Unconditional love and self-love hinge on the act of forgiveness. Forgiveness can be a difficult thing for people to grapple with. The definition of forgiveness, according to Merriam-Webster, is to stop feeling anger toward someone who has done something wrong or to stop blaming someone. But what does that really mean? And how the heck do you do it?
Let’s look at forgiveness in a new light. Rather than viewing ourselves as righteous for pardoning others for their sins, we can define forgiveness as a way to see the innate perfection in everyone. A Course in Miracles talks about how forgiveness is the path to salvation because it is the moment-by-moment practice of seeing the God-Self within everyone you meet. Rather than judging and condemning the actions of others, you have the opportunity to see the wisdom of the universe within them.
Practice forgiveness with everyone you meet – particularly yourself! Here is the process that I use:
- Notice the negative emotions and judgments that arise. You have no power to change that which you are unaware. This is the first step and may be the only step that you are willing to take at first. That’s okay – this is a process and making the choice to notice is huge.
- Notice that you are creating the forgiveness opportunity. Let’s say that you notice negative emotions or judgments arise because someone is behaving in a way that you perceive and label as bad. Can you see that the behavior is not inherently bad? And, more importantly, that the person is not inherently naughty? Your judgment of the behavior is what is making you perceive the action as bad. Just sit with that idea and see how it feels. Can you see how that could be?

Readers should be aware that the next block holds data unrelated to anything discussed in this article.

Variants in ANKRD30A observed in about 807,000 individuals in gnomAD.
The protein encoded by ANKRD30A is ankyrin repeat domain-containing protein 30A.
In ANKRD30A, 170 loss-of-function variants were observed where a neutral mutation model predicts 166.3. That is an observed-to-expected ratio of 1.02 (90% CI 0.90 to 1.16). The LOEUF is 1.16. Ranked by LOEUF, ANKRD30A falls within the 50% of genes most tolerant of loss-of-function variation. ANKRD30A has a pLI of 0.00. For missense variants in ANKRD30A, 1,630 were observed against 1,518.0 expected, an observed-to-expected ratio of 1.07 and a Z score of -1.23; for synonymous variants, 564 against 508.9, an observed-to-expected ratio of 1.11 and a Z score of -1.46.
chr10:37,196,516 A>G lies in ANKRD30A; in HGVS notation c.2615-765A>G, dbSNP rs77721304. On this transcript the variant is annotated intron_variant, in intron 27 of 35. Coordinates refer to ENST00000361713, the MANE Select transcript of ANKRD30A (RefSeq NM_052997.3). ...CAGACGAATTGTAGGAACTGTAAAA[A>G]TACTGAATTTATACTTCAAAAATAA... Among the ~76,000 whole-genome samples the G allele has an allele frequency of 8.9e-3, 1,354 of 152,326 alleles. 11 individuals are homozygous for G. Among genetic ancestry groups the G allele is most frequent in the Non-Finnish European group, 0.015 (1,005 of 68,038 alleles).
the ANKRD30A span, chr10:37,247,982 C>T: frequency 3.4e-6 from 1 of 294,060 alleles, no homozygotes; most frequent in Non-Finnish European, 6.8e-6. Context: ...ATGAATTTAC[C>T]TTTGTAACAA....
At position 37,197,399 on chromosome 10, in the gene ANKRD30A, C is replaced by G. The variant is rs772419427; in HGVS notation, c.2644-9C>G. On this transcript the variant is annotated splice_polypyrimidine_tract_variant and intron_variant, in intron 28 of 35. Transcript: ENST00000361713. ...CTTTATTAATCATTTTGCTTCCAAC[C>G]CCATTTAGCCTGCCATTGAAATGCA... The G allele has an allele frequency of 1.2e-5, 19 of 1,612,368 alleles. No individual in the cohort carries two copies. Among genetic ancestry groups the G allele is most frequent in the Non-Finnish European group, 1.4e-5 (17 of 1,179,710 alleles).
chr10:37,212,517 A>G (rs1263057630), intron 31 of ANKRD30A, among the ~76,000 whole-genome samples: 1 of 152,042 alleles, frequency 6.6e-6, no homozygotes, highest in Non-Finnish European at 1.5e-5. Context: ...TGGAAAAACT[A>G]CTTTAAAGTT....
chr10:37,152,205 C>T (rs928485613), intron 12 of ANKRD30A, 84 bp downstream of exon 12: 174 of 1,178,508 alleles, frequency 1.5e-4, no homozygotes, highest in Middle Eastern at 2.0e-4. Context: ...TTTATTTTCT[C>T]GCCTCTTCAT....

- Take a moment to breathe. This is not a time to condemn the person or yourself. Take a few rhythmic breaths, feel your heart space, feel compassion for the situation, and center yourself.
- Choose again. This can be the hardest part of the process. It is not easy to let go of our negative emotions and judgments. We become attached to them because they provide us with a certain level of safety. It feels good to be in control and to be right. Yet, in the long run, it hurts a lot more to hold onto those resentments and beliefs. If you can live in a state of forgiveness, then your thoughts and feelings do not have a chance to grow into a massive, toxic mess that causes you to suffer.
- Remember who you really are. You are love and so is the other being in every interaction. If you extend love, then you will feel beloved. If you project judgments, then you will feel judged. You deserve to walk through life unencumbered by all of the judgments that cause unnecessary suffering, and you have the power to make that your reality.
Learn to utilize this process so that forgiveness becomes a choice in the moment to see the good in others. Sometimes you may not catch the forgiveness opportunity until after it has happened. The moment you realize that you were not coming from love, go through the above process before resentment has a chance to grow.
When you pass over a forgiveness opportunity for a long period of time, the situation can grow to seem unforgiveable. Be patient with yourself. Gently and lovingly unravel all of the knots of suffering as though you were untangling a delicate necklace. How could you have mistaken the situation? How could you choose to see it differently? Will it hurt more to let the resentment go or to carry it around with you every day? What would you be free to do if you could summon the courage to forgive?
Begin with an awareness of your feelings and thoughts. Just notice when you are in a state of judgment and see how it feels. If you don’t like it, then move onto the next step. A change is perception can help you dissolve the forgiveness opportunity. The choice is yours.